In this scenario, the Capital generates 9 Great People, the secondary city generates 1 Great Person, and the other city is unable to generate any Great People. The secondary city is no slouch, with 1 Wonder and 3 Specialists, generating 11 GPP/turn (2 + 3*3), but this can "only" generate 2200 Great People points in 200 turns. The other city is running 2 Specialists for 6 GPP/turn, but still is unable to generate a Great Person over 200 turns (since it generates 600 in that time, but the requirement reaches 1400).

    For getting the most Great Prophets (average of ~6.9), making all Specialists into Priests is the obvious answer. This setup still generates 1 Great Engineer on average.

    For getting the most Great Engineers (average of ~6.1), making all Specialists into Engineers is the obvious answer. This setup generates nearly 2 Great Prophets on average.

    However, if we look at the sum of Great Engineers and Great Prophets (basically, trying to drown out the Artist and Merchant points from our Wonders), the total variation is small (~0.2). If neither Engineers or Prophets are valued more than the other, the selection of Specialists should be based on their raw benefits, not the GPPs they generate.

    Since the total number of points in each city is constant for all cases, all cases generate 10 Great People within the 200 turns. However, it appears that very consistently, you will get 2 Great People who are not Prophets or Engineers. This is typically Artists from the Capital and Merchants from the Secondary city, due to their Wonders.

    In summary, this further emphasizes that generating a few GPP in your cities just won't do much for you, and should not be a consideration when adding Specialists or Wonders to your other cities. GPP should really only enter into the decision making process for the Capital and perhaps one other city. The rest of the time, just worry about the benefits of the Specialists and Wonders, and don't concern yourself with trying to accumulate GPPs there.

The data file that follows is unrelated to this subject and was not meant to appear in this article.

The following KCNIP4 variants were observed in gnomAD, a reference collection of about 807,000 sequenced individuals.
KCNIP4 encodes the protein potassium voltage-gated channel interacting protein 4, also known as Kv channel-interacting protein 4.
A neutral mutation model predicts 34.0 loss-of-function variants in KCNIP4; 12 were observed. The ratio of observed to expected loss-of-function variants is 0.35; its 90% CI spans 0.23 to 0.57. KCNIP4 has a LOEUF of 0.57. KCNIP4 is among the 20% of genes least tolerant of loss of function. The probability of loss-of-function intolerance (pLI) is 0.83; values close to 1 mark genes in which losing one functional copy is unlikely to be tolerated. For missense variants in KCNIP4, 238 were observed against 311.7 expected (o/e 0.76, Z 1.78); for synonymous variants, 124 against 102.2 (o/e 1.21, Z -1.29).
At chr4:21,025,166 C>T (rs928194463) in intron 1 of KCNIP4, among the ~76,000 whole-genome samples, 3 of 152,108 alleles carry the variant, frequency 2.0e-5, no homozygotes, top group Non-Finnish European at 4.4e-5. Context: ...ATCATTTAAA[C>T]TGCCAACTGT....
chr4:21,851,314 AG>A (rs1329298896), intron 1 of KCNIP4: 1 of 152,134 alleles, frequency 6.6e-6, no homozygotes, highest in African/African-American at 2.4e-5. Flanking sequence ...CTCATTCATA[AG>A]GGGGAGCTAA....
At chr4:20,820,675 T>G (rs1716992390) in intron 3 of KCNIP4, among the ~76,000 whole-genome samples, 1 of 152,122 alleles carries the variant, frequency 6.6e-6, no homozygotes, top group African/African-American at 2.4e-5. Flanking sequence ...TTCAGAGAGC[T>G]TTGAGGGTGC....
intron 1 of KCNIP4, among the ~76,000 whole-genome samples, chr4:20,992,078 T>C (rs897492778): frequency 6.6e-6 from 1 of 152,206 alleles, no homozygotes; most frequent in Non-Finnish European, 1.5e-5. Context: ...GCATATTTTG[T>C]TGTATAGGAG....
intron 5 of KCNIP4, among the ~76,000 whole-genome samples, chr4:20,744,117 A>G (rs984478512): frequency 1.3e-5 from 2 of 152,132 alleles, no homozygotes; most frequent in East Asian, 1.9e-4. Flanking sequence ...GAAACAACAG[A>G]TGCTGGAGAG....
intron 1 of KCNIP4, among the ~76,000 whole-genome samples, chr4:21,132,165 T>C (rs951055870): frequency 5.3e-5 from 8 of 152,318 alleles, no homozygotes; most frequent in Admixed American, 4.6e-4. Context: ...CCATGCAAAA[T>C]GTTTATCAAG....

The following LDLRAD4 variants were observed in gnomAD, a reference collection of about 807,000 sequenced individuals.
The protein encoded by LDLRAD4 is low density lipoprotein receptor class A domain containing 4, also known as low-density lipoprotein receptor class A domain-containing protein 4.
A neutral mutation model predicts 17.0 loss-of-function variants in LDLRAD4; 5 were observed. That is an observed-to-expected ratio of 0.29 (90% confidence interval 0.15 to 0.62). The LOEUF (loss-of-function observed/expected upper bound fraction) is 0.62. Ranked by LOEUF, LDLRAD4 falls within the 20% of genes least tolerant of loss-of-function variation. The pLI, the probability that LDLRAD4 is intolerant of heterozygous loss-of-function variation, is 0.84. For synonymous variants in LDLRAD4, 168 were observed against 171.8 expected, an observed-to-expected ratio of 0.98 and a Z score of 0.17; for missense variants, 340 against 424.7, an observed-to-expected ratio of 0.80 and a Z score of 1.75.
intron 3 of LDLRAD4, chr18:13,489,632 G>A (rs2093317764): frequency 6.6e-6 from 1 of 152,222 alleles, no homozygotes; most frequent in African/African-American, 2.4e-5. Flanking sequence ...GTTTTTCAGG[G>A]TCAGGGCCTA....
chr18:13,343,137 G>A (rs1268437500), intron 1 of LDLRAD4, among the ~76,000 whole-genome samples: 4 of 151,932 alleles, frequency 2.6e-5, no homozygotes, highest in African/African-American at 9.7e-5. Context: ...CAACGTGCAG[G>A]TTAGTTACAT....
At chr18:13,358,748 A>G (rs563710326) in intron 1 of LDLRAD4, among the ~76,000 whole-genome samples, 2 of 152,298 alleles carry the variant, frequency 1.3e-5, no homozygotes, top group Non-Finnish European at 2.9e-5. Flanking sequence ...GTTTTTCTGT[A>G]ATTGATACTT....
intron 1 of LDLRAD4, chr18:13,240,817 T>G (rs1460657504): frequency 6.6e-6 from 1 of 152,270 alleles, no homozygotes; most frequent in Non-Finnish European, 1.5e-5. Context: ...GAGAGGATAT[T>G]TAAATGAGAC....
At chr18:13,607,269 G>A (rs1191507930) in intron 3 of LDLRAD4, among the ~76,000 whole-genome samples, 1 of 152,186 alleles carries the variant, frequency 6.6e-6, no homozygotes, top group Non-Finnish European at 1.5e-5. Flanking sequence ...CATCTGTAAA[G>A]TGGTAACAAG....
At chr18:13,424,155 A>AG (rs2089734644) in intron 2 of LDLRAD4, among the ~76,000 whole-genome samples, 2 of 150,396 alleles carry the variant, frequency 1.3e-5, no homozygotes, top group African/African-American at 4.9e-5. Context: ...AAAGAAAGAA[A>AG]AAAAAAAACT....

16. Vol

    Vol Sophist

    Nov 19, 2001
    So my next thought was... does it ever make sense to not have Specialists in cities with different kinds of Wonders? Basically, since the Capital has a variety of points, perhaps instead of producing more "random" Great People there, we should generate no extra points there, allowing the other cities to generate the exact Great People we want.

    Here are all permutations (12) where we do not have any extra Specialists in the Capital:

    Now the Capital generates 5 Great People (vs. 9 with 3 Specialists), the Secondary city generates 2 (vs. 1) and the other city generates 1 (vs. 0).

    The maximum number of Prophets is 4.7 (vs. 7.0), the maximum number of Engineers is 3.6 (vs. 6.1), and the sum averages to 5.7 (vs. 8.0). And the total number of Great People goes down 2 (from 10).

    So trying to focus on producing the desired Great People in cities less cluttered with Wonder GPPs is rarely something worth doing. If your whole game hinges on completing a Wonder first, slowing down the Capital's GPPs and hiring many Engineers (although its rarely possible to hire more than 1 until Factories) might be a smart move. The rest of the time, just loading up your National Epic and most Wonder-filled city with extra Specialists is better in the long run, even if you randomly get some Great People that are less useful.